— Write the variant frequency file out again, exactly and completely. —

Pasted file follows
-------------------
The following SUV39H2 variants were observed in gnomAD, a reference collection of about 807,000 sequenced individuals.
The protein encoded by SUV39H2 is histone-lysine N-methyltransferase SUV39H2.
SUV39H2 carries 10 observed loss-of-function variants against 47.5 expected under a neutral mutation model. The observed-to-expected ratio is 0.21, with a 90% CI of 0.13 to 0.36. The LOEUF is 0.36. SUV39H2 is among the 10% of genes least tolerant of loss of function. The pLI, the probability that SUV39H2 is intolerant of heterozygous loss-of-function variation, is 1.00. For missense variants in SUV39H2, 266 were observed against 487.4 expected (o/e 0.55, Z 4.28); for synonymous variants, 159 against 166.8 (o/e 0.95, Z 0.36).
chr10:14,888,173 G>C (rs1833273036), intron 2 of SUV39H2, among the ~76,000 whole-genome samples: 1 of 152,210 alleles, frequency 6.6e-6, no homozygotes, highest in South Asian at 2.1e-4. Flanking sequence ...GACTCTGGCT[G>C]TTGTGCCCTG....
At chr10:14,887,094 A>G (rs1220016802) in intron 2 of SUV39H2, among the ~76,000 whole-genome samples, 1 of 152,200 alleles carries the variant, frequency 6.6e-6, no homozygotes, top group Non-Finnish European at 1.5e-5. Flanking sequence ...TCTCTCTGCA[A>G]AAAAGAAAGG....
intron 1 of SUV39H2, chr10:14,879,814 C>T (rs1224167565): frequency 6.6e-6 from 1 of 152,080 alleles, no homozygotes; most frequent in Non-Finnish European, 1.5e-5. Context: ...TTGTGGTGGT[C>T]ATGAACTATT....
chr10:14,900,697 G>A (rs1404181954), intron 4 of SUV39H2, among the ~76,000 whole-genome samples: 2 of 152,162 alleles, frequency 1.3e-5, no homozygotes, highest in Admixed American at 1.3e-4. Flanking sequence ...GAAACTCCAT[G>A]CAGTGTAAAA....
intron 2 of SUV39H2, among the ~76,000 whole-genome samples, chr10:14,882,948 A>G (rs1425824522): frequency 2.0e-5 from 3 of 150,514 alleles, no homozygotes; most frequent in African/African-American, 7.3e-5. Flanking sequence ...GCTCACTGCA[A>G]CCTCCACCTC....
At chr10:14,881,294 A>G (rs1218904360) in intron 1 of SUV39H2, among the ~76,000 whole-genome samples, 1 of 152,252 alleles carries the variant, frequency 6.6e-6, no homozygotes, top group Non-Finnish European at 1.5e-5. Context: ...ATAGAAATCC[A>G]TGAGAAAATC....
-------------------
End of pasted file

The following SUV39H2 variants were observed in gnomAD, a reference collection of about 807,000 sequenced individuals.
The protein encoded by SUV39H2 is histone-lysine N-methyltransferase SUV39H2.
SUV39H2 carries 10 observed loss-of-function variants against 47.5 expected under a neutral mutation model. The observed-to-expected ratio is 0.21, with a 90% CI of 0.13 to 0.36. The LOEUF is 0.36. SUV39H2 is among the 10% of genes least tolerant of loss of function. The pLI, the probability that SUV39H2 is intolerant of heterozygous loss-of-function variation, is 1.00. For missense variants in SUV39H2, 266 were observed against 487.4 expected (o/e 0.55, Z 4.28); for synonymous variants, 159 against 166.8 (o/e 0.95, Z 0.36).
chr10:14,888,173 G>C (rs1833273036), intron 2 of SUV39H2, among the ~76,000 whole-genome samples: 1 of 152,210 alleles, frequency 6.6e-6, no homozygotes, highest in South Asian at 2.1e-4. Flanking sequence ...GACTCTGGCT[G>C]TTGTGCCCTG....
At chr10:14,887,094 A>G (rs1220016802) in intron 2 of SUV39H2, among the ~76,000 whole-genome samples, 1 of 152,200 alleles carries the variant, frequency 6.6e-6, no homozygotes, top group Non-Finnish European at 1.5e-5. Flanking sequence ...TCTCTCTGCA[A>G]AAAAGAAAGG....
intron 1 of SUV39H2, chr10:14,879,814 C>T (rs1224167565): frequency 6.6e-6 from 1 of 152,080 alleles, no homozygotes; most frequent in Non-Finnish European, 1.5e-5. Context: ...TTGTGGTGGT[C>T]ATGAACTATT....
chr10:14,900,697 G>A (rs1404181954), intron 4 of SUV39H2, among the ~76,000 whole-genome samples: 2 of 152,162 alleles, frequency 1.3e-5, no homozygotes, highest in Admixed American at 1.3e-4. Flanking sequence ...GAAACTCCAT[G>A]CAGTGTAAAA....
intron 2 of SUV39H2, among the ~76,000 whole-genome samples, chr10:14,882,948 A>G (rs1425824522): frequency 2.0e-5 from 3 of 150,514 alleles, no homozygotes; most frequent in African/African-American, 7.3e-5. Flanking sequence ...GCTCACTGCA[A>G]CCTCCACCTC....
At chr10:14,881,294 A>G (rs1218904360) in intron 1 of SUV39H2, among the ~76,000 whole-genome samples, 1 of 152,252 alleles carries the variant, frequency 6.6e-6, no homozygotes, top group Non-Finnish European at 1.5e-5. Context: ...ATAGAAATCC[A>G]TGAGAAAATC....